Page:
PP/GC/PO/314 Letter from Lord Ponsonby to Henry John Temple, third Viscount Palmerston, regarding Vogorides' retirement and the poisoning of Pertev Pasha, 26 November 1837
Letter from John Ponsonby, second Baron Ponsonby, later first Viscount Ponsonby, [ambassador extraordinary and plenipotentiary at Constantinople], to Henry John Temple, third Viscount Palmerston: he hopes the enclosed report [not present] from the dragoman will be agreeable. What has happened should have a good effect. The Sultan was gratified by the efforts taken to prove Palmerston's respect for him. Ponsonby was careful to show that Reschid Bey acted only through his anxiety to uphold the dignity of his master, and Ponsonby has heard that the Sultan is pleased. "Follies sometimes do good." It seems it was intended to get rid of Reschid Bey, but hopefully he is safe for the present. Vogorides has felt insecure since the death of Purtev Pasha and a few days previously he said to Akif that, "being grown old, he was no longer equal to the fatigue of all the work he had to do and should be glad to reture from the Porte and attend exclusively to his government of Samos and his agency for Moldavia; that he has served the Sultan very many years with entire fidelity and zeal, honored and obeyed his sovereign's minister, that he has been diligent and faithful under Purtev Pasha, who he must always esteem because he had been kindly treated by him, who was one known to be an enemy to Christians and not gifted with that liberality of feeling possessed by Akif; that he had been called a partizan of the English; that it was true he did consider England to be the only country to which the Sultan had any right to look with confidence for support, and therefore it was his duty to his master to wish for the maintenance of the best understanding between the Sultan and England; that he believed the French late conduct would satisfy Akif that France had objects to be obtained at the expence of the Porte, but it would not be shewn that England had any other interest than the great one she naturally had in supporting the independence of Turkey, in order to prevent the aggrandizement of Russia which would be dangerous to Great Britain; that as things were actually circumstanced, he believed the support of England to be necessary to the Sultan and that he was guided and influenced wholly by that opinion." Akif replied that both he and the Sultan were pleased with Vogorides' services, and the Porte could not spare him. He would not, however, be required to attend every day, but perhaps three times a week, and business would be sent to his house as often as possible. Akif then claimed that Vogorides had not been as well treated by Pertev Pasha as he thought, and promised to show him a note from Pertev Pasha to prove it. Ponsonby hopes Vogorides will be safe after all this, especially as the Sultan has shown him personal favour by writing a note to his son-in-law, Seid Pasha, ordering him to desist from some plan by which Vogorides would have lost a house and garden. It is of the utmost importance that Vogorides continues about the Porte. He can place affairs before the eyes of the ministers so that they are comprehended and often judged more rationally than they would otherwise be. Vogorides speaks the truth when he gives his motives for being pro-English. The Russians would give almost anything for him to be pro-Russian. Vogorides has objects which Russia cannot forward, and which Russian success would ruin. He feels that Russian dominion would be the "curse" of his country, although he would probably yield to power and is not anxious to be a political or religious martyr. He has given prudent advice to Reschid Bey, which should keep the minister in his place if he follows it. Akif Pasha's recent actions indicate that his feeling is anti-Russian, as indicated in Ponsonby's despatches. He seems to be less in dread of the Russian dragoman, a Greek, than previously, for he ventured upon a witticism. Prince Haudgerle reproached him for having acknowledged Leopold, "'So, you have made an eighth King.' 'No', replied Akif, 'I have made a ninth King, for you made the eighth, King Otho'. I am told the saucy Greek looked foolish and was angry." Halil Pasha has probably become anti-Russian too, now that he is at the head of affairs and exposed "to feel the weight of the yoke the Ottoman government has to support" every day. Despite this, Ponsonby is sure these men will "crouch down" before Russia unless they are confident Palmerston will support them, although they are fast advancing to a belief that England will do so. "It must be allowed they have reason enough to be slow in arriving at the conviction, and the Russians spare no pains, no lies, no insinuations to shew that England is afraid to oppose the will of the Emperor Nicolas, and they avail themselves, to establish that notion, of the reported inclinations of more than one of our political men supposed to have influence and weight in our country." The Sultan is interested in what happens in Europe, and has translations made of articles in the French newspapers and of pamphlets. Vogorides is the main translator, and he picks the best selections he can to defeat and expose Russian stories. Ponsonby recently heard a story from a physician who practises in the seraglio, which, if true, accounts for the death of Pertev Pasha, who was poisoned by order of the Sultan. "It is said that by some written document or other satisfactory evidence, it was proved to the conviction of the Sultan's understanding that, at the time when Mehemet Ali advanced to attack the Sultan, he was in league with Purtev Pasha, who was induced by his bigotry and horror of the changes introduced by the Sultan to concur with the Pasha of Egypt in a plot to dethrone Mahmoud and to place the eldest of the Princes on the Ottoman throne. You may recollect that I reported early after my arrival in this country the facts, for such they were, of designs entertained by Mehemet Ali to execute exactly that measure and of his having the countenance and support of several great men here, and even ministers. I did not hear then that Purtev was the man, nor can I now believe it, because I am satisfied of his having been an honest man, at the same time I cannot pretend to limit the power of religious bigotry over even the honestest minds, and it is certain Purtev was a bigot, so that it may be true that at the time in question he lost sight of the duty of allegiance which he may have supposed to be incompatible with a due regard to the interests of his faith. I hope it was not so, and I think it was not, but it seems more than probable that nothing less than an accusation of so deep a crime and supported by evidence that convinced the Sultan of Purtev's guilt would have produced the catastrophy that took place. Purtev was poisoned by Emin Pasha of Adrianople, who is a man well fitted for the perpetration of every crime. It is certain that Reschid Bey was detained on the road in his journey to Constantinople to prevent his arrival at Adrianople before the death of Purtev. I do not precisely see why that was done, and the fact occasioned me uneasiness on account of Reschid. I hope it is now clear that he could not have been suspected by the Sultan to have been an accomplice of Purtev's and I trust Reschid is in safety." The Sultan is very angry with the French, but he and his ministers seem to think, like Ponsonby, that it would be imprudent for the Porte to take steps which would give a pretext to France to justify contradiction of her obligation to respect the possessions of an unoffending ally. Ponsonby argued to the Ottoman ministers that, if left alone, France would eventaully end her African conquests, but if "molested and excited", her national pride would demand they be permanently retained. "My reasons stated were the great expence and the no return made for it to France and the certainty that every well-informed statesman must feel that those possessions could not be kept in despite of England, unless her maritime power should be beaten down, and at the same time the real friendship of the Arabs obtained by France; that otherwise, id est, if England should be strong as she is likely to be and should go to war with France, the French would lose the possessions and therefore the prudent government of France would not willingly engage itself in obligation to hold that which the power of France was unequal to keeping, but would seek the first occasion when the French feeling had subsided, and when the pecuniary burthens were severely felt, to rid themselves of Africa." Ponsonby has stated this in a letter, as he does not want it to be made public that he has been talking about French affairs with the Turkish government. He hopes Palmerston approves of what he has said. Colonel Considine is still at Constantinople, waiting for the next messenger, and for the nishan that is being made for him. Ponsonby regrets that things have not worked out as Palmerston wished, but he does not think it has made much difference. Captain Campbell has returned from Russia, where he spoke to Count Woronsow and other leading men about Circassia. They thought it probable that Tsar Nicholas would put to death any Englishman he could lay hands on in Circassia, and Campbell also believes that the Tsar detests the Poles so much that he would destroy them all if he could. 26 Nov 1837 It is noted that the letter was received on 5 January 1838. PP/GC/PO/309 and PP/GC/PO/312 refer to the explanation made to the Sultan for the alleged insult suffered by his envoy, Reschid, while in England.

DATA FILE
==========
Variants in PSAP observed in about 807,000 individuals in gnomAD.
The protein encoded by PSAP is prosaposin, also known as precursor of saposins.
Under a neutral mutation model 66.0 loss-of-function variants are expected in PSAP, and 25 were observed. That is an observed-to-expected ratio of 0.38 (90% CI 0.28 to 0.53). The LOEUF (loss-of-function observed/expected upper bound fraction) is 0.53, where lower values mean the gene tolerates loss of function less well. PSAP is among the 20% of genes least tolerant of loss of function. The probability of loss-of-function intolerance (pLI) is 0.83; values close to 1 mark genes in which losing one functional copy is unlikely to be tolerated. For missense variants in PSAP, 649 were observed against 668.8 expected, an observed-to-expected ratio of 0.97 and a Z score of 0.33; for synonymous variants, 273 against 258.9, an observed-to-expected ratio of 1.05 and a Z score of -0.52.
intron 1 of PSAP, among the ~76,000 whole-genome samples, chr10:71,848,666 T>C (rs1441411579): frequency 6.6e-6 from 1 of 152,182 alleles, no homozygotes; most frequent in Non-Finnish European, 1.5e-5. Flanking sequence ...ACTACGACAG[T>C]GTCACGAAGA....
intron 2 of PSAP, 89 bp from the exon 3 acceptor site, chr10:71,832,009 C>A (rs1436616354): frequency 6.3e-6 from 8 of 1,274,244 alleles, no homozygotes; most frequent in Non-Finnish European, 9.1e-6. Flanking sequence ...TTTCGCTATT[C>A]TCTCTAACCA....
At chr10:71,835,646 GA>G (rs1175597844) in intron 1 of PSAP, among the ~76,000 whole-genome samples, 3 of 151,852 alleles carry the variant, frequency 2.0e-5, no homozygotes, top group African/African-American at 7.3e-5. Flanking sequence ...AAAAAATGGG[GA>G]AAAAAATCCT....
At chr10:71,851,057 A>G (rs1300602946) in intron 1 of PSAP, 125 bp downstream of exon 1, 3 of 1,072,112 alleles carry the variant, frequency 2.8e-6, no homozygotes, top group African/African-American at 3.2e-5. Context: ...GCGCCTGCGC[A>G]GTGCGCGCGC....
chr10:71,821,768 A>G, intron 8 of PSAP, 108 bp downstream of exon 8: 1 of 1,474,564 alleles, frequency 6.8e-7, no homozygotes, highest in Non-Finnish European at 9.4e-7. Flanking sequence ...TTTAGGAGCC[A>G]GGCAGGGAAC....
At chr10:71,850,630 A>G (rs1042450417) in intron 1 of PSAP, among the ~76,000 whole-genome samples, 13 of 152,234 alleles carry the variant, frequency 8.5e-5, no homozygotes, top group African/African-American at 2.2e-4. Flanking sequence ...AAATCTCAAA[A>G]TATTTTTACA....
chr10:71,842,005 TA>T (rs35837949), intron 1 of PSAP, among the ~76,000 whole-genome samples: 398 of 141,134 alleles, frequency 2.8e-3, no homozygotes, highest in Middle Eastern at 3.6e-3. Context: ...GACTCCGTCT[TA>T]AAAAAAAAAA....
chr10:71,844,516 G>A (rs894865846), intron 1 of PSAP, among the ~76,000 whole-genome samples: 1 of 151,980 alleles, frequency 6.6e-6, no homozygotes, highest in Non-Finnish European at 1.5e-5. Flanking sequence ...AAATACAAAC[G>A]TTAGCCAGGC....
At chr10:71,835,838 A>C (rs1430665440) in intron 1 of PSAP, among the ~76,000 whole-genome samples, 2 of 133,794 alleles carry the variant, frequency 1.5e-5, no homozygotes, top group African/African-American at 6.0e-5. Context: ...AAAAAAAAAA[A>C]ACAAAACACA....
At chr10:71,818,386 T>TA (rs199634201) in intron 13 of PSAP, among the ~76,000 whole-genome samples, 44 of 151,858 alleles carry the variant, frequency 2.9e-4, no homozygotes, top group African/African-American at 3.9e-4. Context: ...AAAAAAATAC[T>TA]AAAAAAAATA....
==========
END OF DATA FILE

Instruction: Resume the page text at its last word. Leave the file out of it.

Six papers, punched for disinfection
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Mahmud II, alias Mahmoud, Ottoman Sultan
Reschid Mustapha Bey, alias Reshid Mustafa Bey, Reis Effendi or Turkish Minister for Foreign Affairs, formerly Turkish envoy at London
Stefanaki Vogorides, Prince of Samos, known in Turkey as Istefanaki Bey
Pertev Mehmed Seid Pasha, alias Muhammad Said Pertew, or Purtev Pasha, former Kiahaya Bay or Turkish Minister of the Interior, deceased
Akif Muhammad Effendi or Akiff Mehmed Pasha, Kiahaya Bey or Turkish Minister of the Interior
Mehmed Seid Pasha, alias Muhammad Said Pasha, husband of Sultana Mihrou Mah, second daughter of Mahmud II, Ottoman Sultan
Prince Haudgerle or Haucery, dragoman to the Russian embassy at Constantinople
Leopold I, King of the Belgians
Otho, or Otto, King of Greece
Halil Rifat Pasha, Seraskier or Turkish Minister of War
Tsar Nicholas I, Emperor of Russia
Newspapers; the press; journalism
Muhammad Ali Pasha, alias Mehemet Ali, Viceroy or ruler of Egypt
Emin Pasha of Adrianople, alleged poisoner of Pertev Pasha
Lieutenant Colonel James Considine of the Fifty Third Regiment of Foot
Nishan; Turkish decoration
Captain Campbell
Michael, Count Woronsov, Russian Governor General of New Russia and Bessarabia